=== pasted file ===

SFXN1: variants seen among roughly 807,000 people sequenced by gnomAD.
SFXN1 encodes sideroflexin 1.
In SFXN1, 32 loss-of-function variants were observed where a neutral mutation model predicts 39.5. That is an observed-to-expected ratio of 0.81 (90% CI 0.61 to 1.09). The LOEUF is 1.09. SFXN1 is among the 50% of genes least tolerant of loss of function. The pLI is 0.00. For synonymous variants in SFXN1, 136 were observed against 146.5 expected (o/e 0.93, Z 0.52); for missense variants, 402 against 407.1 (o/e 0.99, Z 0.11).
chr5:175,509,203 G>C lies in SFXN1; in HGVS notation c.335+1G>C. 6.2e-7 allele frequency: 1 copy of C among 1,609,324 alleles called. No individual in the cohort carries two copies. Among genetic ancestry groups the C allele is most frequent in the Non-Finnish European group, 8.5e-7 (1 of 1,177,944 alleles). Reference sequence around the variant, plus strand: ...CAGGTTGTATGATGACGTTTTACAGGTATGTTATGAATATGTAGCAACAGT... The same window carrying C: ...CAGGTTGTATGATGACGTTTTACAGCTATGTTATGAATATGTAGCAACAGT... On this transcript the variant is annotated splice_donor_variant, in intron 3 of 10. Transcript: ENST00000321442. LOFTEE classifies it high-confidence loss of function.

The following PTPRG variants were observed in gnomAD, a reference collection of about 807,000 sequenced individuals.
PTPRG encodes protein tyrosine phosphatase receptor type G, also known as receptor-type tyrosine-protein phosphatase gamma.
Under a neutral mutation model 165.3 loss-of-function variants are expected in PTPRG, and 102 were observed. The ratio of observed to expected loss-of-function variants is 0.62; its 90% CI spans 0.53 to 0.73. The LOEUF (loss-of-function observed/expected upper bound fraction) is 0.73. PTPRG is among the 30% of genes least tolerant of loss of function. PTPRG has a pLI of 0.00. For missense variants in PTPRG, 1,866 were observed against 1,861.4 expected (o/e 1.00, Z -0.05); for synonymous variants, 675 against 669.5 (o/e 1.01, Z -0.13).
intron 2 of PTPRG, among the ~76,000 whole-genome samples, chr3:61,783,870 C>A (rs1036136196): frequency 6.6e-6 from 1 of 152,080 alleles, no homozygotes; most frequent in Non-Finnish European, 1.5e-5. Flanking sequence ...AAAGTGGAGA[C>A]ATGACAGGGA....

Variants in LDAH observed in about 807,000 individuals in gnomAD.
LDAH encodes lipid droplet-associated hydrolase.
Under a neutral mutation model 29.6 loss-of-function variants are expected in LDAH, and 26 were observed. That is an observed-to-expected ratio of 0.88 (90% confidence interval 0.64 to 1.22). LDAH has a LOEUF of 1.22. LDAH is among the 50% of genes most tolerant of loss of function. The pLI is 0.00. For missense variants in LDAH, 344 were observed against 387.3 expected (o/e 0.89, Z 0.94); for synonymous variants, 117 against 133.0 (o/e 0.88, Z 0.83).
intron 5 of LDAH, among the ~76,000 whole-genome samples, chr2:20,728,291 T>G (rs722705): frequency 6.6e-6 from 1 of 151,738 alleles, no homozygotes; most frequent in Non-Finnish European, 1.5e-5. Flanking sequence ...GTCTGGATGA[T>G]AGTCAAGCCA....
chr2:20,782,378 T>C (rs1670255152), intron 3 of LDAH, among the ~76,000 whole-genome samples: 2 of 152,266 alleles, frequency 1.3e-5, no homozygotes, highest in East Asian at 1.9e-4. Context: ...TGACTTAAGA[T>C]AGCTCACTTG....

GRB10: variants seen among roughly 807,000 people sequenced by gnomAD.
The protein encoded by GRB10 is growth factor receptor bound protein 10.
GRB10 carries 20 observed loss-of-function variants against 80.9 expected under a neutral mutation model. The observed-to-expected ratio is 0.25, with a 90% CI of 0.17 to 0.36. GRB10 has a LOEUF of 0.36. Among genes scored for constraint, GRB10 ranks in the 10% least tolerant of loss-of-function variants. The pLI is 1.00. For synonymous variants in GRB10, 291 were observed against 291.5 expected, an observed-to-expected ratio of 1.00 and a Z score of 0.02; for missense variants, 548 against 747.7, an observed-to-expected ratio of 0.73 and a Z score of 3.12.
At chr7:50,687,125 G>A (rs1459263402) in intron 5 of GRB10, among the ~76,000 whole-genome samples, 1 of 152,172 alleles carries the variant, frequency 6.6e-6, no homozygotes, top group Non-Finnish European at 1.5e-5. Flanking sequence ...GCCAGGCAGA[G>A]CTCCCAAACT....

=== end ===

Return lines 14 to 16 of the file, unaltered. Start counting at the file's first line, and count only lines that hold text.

GRB10: variants seen among roughly 807,000 people sequenced by gnomAD.
The protein encoded by GRB10 is growth factor receptor bound protein 10.
GRB10 carries 20 observed loss-of-function variants against 80.9 expected under a neutral mutation model. The observed-to-expected ratio is 0.25, with a 90% CI of 0.17 to 0.36. GRB10 has a LOEUF of 0.36. Among genes scored for constraint, GRB10 ranks in the 10% least tolerant of loss-of-function variants. The pLI is 1.00. For synonymous variants in GRB10, 291 were observed against 291.5 expected, an observed-to-expected ratio of 1.00 and a Z score of 0.02; for missense variants, 548 against 747.7, an observed-to-expected ratio of 0.73 and a Z score of 3.12.